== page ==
99.9% of the time I eat lunch outside of the office. I like getting out of the office, meeting friends, and having a complete break from work. On a few occasions, however, I've gotten take-out and eaten in the break room where some of our staff eats their lunch. In comparison to the coworkers (attorneys) I sometimes eat lunch with, the ladies in the break room can seem like a complaining and gossiping bunch, although I suspect it's one ringleader that stirs them all up. And admittedly, my firm doesn't take human resources very seriously; I see so many ways we could encourage and support employees and have even mentioned several to our firm administrator, but the firm just isn't interested in things like that. It's really too bad.
So one day I joined them in the middle of a conversation about "certain people" (who it seemed like they had named before I joined them) who don't always wash their hands after using the restroom. This conversation seemed like it lasted five minutes. In an attempt to quell their outrage, I suggested that perhaps some people kept anti-bacterial lotions in their desk drawer and simply used that instead of drying out their hands with soap with repeated washings.
Anyway, I saw one of the participants "wash" her hands the other day. The washing included wetting her hands—no soap and 5 seconds of water. I'm not sure what the point was, but in her mind, that makes her superior to the women she was criticizing the other day. I personally don't get wound up about whether or not someone washes their hands, although I admit that I don't understand the point of wetting your hands--but whatever.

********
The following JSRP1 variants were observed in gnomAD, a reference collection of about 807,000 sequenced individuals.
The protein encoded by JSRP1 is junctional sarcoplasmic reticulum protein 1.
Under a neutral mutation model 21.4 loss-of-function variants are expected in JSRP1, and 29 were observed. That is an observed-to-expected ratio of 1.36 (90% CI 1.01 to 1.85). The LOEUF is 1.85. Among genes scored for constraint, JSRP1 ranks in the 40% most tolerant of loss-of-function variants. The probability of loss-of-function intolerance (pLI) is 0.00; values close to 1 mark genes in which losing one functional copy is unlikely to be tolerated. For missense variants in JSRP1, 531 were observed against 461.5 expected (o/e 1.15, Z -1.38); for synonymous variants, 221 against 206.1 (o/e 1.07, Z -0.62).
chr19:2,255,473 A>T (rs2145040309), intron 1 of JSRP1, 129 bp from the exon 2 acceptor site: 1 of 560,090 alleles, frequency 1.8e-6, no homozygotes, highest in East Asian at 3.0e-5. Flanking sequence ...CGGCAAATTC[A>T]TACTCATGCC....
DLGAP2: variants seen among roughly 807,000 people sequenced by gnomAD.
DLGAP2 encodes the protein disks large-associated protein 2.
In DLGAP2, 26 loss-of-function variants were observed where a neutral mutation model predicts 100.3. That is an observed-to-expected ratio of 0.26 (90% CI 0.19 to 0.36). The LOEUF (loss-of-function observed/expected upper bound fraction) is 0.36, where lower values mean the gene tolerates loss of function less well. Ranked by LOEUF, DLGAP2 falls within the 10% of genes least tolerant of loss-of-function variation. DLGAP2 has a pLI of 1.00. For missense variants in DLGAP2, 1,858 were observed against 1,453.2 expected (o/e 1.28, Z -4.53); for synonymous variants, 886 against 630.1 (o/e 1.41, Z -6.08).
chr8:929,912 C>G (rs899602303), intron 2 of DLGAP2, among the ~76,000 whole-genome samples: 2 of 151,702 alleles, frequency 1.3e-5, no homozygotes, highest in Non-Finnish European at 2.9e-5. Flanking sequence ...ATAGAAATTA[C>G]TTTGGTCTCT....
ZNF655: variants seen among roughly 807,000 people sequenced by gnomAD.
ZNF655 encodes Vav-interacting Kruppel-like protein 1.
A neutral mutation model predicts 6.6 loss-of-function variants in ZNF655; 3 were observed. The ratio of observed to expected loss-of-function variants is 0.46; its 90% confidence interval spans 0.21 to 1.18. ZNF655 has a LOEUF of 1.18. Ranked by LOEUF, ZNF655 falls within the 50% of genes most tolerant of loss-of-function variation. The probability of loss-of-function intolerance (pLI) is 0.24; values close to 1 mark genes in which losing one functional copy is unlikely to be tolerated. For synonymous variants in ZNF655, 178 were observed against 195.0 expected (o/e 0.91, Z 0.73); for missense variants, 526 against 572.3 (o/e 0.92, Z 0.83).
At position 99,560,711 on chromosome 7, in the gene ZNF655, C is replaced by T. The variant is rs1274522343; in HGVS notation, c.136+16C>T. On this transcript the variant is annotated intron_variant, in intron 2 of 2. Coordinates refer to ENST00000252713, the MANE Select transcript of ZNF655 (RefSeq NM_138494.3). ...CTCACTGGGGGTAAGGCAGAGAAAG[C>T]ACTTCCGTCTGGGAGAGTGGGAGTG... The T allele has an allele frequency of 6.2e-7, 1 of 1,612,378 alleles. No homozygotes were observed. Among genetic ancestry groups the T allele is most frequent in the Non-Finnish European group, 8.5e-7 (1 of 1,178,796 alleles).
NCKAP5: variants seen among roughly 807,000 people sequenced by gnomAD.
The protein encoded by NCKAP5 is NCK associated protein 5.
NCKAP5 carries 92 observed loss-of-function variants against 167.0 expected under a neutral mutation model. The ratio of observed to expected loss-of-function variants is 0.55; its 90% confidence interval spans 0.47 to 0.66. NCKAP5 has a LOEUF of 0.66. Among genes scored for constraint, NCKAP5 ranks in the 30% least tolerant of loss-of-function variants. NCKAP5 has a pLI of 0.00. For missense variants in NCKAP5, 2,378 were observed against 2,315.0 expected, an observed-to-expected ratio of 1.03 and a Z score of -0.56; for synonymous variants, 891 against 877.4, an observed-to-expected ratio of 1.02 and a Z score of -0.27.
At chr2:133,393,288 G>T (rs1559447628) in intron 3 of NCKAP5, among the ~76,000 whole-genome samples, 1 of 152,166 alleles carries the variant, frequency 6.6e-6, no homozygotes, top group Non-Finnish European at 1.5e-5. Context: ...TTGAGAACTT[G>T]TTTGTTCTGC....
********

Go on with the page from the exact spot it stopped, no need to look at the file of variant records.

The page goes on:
So all of this prompted me to think about lunch conversations in general. While I certainly don't mind lunching with coworkers and sometimes enjoy it, we never talk about anything beside ourselves (and our close friends, family, etc.). Granted it's better than when I taught elementary school and the teachers would share graphic details about their babies' bowel movements/eating habits and other stuff that was incredibly boring (not to mention gross). And as you know from my blog, I don't mind talking about myself and I love knowing what is going on with my friends' lives and feeling like I really know someone. But when my friend Charles worked at the firm this summer we'd talk about our faith, religious beliefs, the world, etc., and it was a lovely break from the monotony of just talking about weekend plans, etc.
I guess I would have thought that a bunch of lawyers would at least occasionally talk about politics or world events, but perhaps they all heed the advice my father gave me a long time ago—and that's to not talk about sex, politics, or religion. Needless to say I believe that excludes some of my most favorite discussion topics, and therefore I haven't abided by his recommendation. Anyway all of this made me think of a saying on a plaque in my step-father's old office: "Great minds discuss ideas. Average minds discuss events. Small minds discuss people." --Eleanor Roosevelt. I discuss all three, so I'm not sure what that means, but I'm sure I'd be well served to focus more on God and ideas than other people (and what they are or are not discussing in the breakroom!).
p.s. Another side note about Grey's--I'm glad they are adding another hot guy (McSteamy) to the cast.